Humans not heroes: Canadian emergency physician experiences during the early COVID-19 pandemic

Emerg Med J. 2023 Feb;40(2):86-91. doi: 10.1136/emermed-2022-212466. Epub 2022 Oct 17.


Background: The pandemic has upended much clinical care, irrevocably changing our health systems and thrusting emergency physicians into a time of great uncertainty and change. This study is a follow-up to a survey that examined the early pandemic experience among Canadian emergency physicians and aimed to qualitatively describe the experiences of these physicians during the global pandemic. The study was conducted at a time when Canadian COVID-19 case numbers were low.

Methods: The investigators engaged in an interview-based study that used an interpretive description analytic technique, sensitised by the principles of phenomenology. One-to-one interviews were conducted, transcribed and then analysed to establish a codebook, which was subsequently grouped into key themes. Results underwent source triangulation (with survey data from a similar period) and investigator-driven audit trail analysis.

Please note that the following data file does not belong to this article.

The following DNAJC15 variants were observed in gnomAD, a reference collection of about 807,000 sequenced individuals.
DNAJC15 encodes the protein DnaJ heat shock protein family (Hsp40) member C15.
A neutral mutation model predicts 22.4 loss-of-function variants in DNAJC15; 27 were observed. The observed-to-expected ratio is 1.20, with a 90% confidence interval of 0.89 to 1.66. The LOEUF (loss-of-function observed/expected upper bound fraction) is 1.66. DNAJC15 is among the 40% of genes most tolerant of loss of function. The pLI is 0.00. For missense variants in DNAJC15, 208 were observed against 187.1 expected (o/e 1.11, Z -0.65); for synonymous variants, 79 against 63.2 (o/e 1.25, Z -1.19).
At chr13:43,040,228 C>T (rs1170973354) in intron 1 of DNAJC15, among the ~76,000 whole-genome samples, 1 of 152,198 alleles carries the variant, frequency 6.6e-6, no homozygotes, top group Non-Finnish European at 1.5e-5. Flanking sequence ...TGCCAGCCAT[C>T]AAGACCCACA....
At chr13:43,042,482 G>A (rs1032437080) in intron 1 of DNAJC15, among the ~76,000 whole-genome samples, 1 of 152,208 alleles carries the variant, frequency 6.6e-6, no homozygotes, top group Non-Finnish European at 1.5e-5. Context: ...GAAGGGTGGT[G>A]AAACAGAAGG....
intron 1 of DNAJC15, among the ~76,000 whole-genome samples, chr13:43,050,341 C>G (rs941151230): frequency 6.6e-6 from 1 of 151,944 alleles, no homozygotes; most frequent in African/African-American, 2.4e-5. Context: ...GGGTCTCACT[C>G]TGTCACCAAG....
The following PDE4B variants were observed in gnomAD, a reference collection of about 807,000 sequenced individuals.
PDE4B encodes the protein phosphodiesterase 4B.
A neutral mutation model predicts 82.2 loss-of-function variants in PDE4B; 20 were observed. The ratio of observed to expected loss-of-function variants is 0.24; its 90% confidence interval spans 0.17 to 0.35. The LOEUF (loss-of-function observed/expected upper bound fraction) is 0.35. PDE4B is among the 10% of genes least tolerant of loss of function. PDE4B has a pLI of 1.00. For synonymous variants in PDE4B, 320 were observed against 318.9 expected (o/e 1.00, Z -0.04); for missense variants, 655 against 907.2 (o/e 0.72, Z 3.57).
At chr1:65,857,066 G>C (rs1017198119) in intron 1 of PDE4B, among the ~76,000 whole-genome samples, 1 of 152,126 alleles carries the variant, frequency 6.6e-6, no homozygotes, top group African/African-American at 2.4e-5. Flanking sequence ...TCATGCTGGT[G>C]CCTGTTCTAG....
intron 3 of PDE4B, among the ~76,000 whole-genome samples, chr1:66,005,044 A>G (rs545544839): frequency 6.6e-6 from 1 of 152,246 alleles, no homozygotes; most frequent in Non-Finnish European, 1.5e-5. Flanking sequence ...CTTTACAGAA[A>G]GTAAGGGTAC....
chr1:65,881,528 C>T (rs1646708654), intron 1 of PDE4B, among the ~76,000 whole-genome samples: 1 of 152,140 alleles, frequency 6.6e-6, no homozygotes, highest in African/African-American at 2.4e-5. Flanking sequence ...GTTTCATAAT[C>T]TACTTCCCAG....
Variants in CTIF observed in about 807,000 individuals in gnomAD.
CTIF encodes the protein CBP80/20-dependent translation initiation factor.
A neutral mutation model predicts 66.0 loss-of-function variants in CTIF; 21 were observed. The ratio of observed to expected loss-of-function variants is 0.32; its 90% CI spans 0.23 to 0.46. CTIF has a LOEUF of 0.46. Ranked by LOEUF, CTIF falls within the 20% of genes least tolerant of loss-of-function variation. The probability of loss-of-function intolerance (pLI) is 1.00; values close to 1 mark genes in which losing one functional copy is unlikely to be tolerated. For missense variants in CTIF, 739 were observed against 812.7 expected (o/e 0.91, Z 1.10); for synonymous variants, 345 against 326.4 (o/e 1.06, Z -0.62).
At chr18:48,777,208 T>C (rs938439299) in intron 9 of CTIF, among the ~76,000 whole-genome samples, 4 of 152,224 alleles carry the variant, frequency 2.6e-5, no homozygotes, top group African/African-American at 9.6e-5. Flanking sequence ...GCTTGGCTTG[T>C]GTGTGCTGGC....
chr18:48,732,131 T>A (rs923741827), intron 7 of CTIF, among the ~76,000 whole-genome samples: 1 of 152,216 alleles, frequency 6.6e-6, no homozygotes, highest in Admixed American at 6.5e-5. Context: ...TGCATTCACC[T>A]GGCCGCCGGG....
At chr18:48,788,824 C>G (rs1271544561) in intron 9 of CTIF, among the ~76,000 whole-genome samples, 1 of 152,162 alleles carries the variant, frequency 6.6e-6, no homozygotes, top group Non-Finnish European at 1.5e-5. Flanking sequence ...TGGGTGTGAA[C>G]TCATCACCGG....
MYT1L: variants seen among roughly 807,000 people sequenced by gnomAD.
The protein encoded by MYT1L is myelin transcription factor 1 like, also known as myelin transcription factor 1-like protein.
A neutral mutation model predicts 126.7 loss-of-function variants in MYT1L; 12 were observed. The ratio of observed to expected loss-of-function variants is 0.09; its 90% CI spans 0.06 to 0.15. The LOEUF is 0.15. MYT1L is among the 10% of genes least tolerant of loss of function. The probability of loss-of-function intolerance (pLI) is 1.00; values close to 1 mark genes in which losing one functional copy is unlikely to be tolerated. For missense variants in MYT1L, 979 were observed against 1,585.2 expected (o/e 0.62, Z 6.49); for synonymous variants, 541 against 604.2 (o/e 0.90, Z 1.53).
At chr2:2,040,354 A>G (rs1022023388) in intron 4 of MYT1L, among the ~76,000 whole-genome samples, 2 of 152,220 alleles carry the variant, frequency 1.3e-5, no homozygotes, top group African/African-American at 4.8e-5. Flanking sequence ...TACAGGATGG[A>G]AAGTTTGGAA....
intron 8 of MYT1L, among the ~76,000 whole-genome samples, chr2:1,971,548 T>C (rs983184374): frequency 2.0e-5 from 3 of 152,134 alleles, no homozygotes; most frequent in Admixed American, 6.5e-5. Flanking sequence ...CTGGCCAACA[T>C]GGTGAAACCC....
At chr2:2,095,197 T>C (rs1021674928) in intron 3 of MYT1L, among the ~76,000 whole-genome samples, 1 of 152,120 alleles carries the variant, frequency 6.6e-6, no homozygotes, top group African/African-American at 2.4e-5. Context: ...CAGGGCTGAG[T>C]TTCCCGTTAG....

Results: A total of 16 interviews (11 female, 5 male) were conducted between May and September 2020. The isolated themes on emergency physicians' experiences during the early pandemic included: (1) disruption and loss of emergency department shift work; (2) stress of COVID-19 uncertainty and information bombardment; (3) increased team bonding; (4) greater personal life stress; (5) concern for patients' isolation, miscommunication and disconnection from care; (6) emotional distress.

Conclusions: Canadian emergency physicians experienced emotional and psychological distress during the early COVID-19 pandemic, at a time when COVID-19 prevalence was low. This study's findings could guide future interventions to protect emergency physicians against pandemic-related distress.

Keywords: COVID-19; emergency departments; global health; patient support.

MeSH terms

  • COVID-19* / epidemiology
  • Canada / epidemiology
  • Female
  • Humans
  • Male
  • Pandemics
  • Physicians* / psychology
  • SARS-CoV-2